- Produced in a distillery in Scotland from water and malted barley.
- Unmalted cereals may be added to barley which:
- turned into wort at a distillation plant;
- processed into wort through the conversion of carbohydrates to alcohol and fermentation products;
- are fermented with yeast only.
- Distillation is carried out at a strength of not more than 94.8 volume fractions of alcohol, which allows the distillate to preserve the aroma and taste of the feedstock.
- The distillate is aged in an excise warehouse in Scotland in oak barrels with a volume of no more than 700 liters.
- The holding period must be at least 3 years.
- The product must retain the color, aroma and taste of the raw materials, as well as the characteristics inherent in the preparation and aging method.
- Whiskey should not contain anything other than water and caramel color.
In addition, the law prohibits the production of other types of whiskey in Scotland, except for Scotch, and limits the minimum strength of the product – 40%.
Another document to streamline the release of scotch is the Scotch Whiskey Production Regulation Act of 2009, which approves only 5 types of drink:
- Single Malt whiskey made from single distillery spirits.
- Single Grain from the spirits of the same distillery.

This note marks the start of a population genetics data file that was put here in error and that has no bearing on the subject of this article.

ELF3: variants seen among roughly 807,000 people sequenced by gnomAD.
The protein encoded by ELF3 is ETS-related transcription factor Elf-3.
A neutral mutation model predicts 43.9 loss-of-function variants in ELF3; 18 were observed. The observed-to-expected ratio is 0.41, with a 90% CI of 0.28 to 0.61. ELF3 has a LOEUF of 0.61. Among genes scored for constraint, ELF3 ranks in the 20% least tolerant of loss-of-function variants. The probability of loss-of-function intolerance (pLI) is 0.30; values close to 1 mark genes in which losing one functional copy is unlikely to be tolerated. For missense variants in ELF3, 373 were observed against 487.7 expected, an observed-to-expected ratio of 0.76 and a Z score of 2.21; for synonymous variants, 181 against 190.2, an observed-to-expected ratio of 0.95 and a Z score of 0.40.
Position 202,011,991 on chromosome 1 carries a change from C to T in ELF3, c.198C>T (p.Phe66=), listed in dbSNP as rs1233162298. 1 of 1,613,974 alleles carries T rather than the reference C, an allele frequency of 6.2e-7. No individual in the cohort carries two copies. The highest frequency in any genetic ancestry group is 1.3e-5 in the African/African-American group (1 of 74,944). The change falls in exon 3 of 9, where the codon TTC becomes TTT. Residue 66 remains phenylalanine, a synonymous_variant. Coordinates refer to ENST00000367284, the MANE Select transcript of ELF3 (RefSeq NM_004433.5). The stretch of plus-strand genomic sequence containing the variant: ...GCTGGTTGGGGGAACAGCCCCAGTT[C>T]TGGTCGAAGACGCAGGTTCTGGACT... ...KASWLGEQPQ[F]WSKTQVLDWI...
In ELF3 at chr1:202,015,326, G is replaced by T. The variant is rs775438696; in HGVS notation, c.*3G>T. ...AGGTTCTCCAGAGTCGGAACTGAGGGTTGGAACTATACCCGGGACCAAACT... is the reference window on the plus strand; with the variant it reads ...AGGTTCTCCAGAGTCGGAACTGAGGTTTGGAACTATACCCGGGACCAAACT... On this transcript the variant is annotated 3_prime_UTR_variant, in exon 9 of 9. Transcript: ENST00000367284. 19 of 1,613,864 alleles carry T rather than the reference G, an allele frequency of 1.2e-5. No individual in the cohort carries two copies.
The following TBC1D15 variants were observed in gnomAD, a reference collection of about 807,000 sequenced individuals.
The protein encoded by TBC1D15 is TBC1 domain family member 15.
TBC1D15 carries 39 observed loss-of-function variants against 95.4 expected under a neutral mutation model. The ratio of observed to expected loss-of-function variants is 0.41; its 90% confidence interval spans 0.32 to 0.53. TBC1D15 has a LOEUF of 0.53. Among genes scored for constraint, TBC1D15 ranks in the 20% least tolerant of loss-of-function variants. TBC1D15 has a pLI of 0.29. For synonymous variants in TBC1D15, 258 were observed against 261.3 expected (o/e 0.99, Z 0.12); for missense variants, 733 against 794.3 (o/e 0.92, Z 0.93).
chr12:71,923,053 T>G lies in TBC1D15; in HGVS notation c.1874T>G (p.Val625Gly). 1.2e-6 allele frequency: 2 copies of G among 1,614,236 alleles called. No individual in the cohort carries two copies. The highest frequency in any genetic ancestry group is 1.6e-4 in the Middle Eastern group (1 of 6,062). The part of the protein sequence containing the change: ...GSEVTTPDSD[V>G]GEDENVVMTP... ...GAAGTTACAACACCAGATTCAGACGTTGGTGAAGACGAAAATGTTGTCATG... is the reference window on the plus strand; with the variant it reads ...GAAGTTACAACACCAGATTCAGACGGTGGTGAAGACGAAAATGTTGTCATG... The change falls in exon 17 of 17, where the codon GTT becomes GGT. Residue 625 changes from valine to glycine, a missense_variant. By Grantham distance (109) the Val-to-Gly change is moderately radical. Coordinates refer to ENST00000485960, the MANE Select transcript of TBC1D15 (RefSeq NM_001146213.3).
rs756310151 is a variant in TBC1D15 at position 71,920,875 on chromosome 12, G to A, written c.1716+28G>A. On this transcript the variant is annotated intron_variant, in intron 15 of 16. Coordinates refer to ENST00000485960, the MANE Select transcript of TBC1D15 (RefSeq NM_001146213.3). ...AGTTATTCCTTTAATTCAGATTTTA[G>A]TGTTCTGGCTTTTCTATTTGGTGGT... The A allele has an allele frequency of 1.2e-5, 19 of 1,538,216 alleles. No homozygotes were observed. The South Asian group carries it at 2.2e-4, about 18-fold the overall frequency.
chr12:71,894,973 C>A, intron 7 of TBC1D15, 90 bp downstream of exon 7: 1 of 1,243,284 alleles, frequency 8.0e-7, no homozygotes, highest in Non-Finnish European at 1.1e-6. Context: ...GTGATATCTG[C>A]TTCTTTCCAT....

- Blended Malt from a variety of distillery alcohols.
- Blended Grain from a variety of distillery alcohols.
- Blended or blended whiskey (Blended Scotch).
The most popular and affordable – blended whiskey. However, on sale you can also find an elite blend – Deluxe whiskey, aged for over 12 years.
Regions of Scotland Whiskey
The unique combination of soil, climate and terrain determines the huge variety of flavors and aromas of Scotch whiskey
The Scotch Whiskey Association identifies 5 whiskey producing regions in Scotland.It is:
- o. Isla.
However, this geographical distribution is difficult to justify in terms of the proliferation of malt whiskey distilleries. Many researchers attribute to the Isla geofence the territory from Arran to the Orkney Islands, which the ASB classifies as the Highland region. At the same time, the vast Speyside zone is referred to the Highland.
Now only 2 permanent factories operate on the territory:
- Auchentoshan. Located in the Dalmaer area of West Dunbartonshire. Produces a triple distilled whiskey, traditionally light on the palate with complex herbal aromas.
- Glenkinchie . Distillery 25 kilometers southeast of Edinburgh. The local whiskey has a spicy aroma and taste.
The border between low and high distilleries runs across the country between the Clyde and Tay rivers.The local whiskey is dense and strong, with an impressive palette of taste and aroma: from resinous cedar to soft caramel. Now there are about 80 factories in the region.